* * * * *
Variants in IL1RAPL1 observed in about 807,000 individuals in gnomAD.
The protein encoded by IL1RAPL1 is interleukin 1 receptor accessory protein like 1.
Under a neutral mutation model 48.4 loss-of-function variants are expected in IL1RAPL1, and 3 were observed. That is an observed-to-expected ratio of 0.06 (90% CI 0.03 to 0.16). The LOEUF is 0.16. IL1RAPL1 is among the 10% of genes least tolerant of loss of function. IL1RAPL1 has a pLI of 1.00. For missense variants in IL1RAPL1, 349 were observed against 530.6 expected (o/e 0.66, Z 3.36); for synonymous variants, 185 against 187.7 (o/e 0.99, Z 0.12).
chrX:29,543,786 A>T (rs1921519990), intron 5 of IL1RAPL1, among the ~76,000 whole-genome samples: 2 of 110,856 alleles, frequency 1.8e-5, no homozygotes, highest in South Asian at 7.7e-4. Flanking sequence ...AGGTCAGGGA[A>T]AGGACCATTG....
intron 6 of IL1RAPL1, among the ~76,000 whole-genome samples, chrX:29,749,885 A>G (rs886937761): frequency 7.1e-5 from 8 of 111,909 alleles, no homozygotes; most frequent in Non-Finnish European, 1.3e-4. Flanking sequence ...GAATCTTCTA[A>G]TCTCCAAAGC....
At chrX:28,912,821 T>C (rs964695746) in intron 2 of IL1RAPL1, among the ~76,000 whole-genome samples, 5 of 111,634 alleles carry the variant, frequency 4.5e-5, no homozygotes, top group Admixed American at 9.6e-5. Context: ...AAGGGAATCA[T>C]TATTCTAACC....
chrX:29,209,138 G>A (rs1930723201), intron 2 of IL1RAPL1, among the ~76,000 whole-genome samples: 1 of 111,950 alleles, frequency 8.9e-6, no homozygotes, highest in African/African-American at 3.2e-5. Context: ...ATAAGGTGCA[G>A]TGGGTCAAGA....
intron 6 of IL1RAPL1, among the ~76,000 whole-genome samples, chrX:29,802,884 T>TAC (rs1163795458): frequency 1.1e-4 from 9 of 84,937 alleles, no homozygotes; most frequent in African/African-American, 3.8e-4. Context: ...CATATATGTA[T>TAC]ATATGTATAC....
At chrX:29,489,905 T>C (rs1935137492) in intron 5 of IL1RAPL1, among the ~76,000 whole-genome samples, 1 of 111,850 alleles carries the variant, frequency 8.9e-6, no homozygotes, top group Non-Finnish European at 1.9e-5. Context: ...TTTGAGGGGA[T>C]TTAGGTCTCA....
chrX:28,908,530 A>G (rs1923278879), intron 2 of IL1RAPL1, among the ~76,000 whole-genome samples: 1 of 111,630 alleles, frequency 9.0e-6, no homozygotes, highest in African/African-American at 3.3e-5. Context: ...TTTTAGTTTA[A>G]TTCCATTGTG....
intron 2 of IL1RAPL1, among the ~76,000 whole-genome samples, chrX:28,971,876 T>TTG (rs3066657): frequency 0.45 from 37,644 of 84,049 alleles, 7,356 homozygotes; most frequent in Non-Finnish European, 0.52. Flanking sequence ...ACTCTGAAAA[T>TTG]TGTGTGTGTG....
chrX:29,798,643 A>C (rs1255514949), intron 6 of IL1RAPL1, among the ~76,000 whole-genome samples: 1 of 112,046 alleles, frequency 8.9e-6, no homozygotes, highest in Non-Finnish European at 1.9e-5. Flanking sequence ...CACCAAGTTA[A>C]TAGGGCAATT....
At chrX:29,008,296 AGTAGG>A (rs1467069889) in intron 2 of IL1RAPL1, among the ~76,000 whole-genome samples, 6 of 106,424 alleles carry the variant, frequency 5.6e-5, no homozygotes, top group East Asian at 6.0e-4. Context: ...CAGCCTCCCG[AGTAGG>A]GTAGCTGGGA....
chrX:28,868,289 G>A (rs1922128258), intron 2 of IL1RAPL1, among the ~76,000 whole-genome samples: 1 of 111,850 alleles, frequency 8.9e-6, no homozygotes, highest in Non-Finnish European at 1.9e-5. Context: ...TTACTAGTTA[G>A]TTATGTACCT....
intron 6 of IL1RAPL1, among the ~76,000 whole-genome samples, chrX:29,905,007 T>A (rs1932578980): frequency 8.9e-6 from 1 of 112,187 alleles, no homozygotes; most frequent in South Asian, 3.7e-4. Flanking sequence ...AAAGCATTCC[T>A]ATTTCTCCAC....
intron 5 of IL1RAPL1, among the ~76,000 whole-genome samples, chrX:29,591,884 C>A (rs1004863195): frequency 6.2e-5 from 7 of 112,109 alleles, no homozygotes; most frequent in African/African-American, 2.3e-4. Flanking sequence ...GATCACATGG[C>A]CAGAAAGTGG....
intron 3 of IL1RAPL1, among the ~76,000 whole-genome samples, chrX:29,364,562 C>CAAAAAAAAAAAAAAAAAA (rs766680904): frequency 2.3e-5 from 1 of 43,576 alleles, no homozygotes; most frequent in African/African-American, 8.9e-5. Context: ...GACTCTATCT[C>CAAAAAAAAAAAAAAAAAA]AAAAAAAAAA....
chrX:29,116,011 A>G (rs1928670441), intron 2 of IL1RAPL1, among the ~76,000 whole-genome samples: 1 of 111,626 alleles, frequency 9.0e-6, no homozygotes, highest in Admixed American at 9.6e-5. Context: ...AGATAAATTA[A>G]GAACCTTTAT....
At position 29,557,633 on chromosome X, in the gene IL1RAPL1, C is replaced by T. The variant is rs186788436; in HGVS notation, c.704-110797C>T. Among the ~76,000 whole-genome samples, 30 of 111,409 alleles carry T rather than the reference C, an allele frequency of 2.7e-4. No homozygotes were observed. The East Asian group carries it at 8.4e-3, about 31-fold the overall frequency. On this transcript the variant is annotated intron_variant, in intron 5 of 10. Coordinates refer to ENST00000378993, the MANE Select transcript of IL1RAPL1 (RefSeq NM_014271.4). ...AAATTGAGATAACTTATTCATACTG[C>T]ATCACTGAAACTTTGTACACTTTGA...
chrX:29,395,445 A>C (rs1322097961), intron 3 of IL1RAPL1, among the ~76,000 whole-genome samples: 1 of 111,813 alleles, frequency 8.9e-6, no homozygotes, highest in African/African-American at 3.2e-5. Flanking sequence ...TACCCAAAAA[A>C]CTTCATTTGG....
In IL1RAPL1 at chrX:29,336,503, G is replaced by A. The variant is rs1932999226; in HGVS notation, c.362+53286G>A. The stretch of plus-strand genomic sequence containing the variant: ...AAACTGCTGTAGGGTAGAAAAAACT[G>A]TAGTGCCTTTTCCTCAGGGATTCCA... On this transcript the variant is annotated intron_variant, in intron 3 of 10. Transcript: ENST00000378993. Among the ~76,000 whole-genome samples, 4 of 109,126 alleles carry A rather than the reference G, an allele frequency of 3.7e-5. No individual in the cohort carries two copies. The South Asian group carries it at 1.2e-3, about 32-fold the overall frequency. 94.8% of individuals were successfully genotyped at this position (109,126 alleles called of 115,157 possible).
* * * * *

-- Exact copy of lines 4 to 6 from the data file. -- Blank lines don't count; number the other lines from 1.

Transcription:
chrX:29,543,786 A>T (rs1921519990), intron 5 of IL1RAPL1, among the ~76,000 whole-genome samples: 2 of 110,856 alleles, frequency 1.8e-5, no homozygotes, highest in South Asian at 7.7e-4. Flanking sequence ...AGGTCAGGGA[A>T]AGGACCATTG....
intron 6 of IL1RAPL1, among the ~76,000 whole-genome samples, chrX:29,749,885 A>G (rs886937761): frequency 7.1e-5 from 8 of 111,909 alleles, no homozygotes; most frequent in Non-Finnish European, 1.3e-4. Flanking sequence ...GAATCTTCTA[A>G]TCTCCAAAGC....
At chrX:28,912,821 T>C (rs964695746) in intron 2 of IL1RAPL1, among the ~76,000 whole-genome samples, 5 of 111,634 alleles carry the variant, frequency 4.5e-5, no homozygotes, top group Admixed American at 9.6e-5. Context: ...AAGGGAATCA[T>C]TATTCTAACC....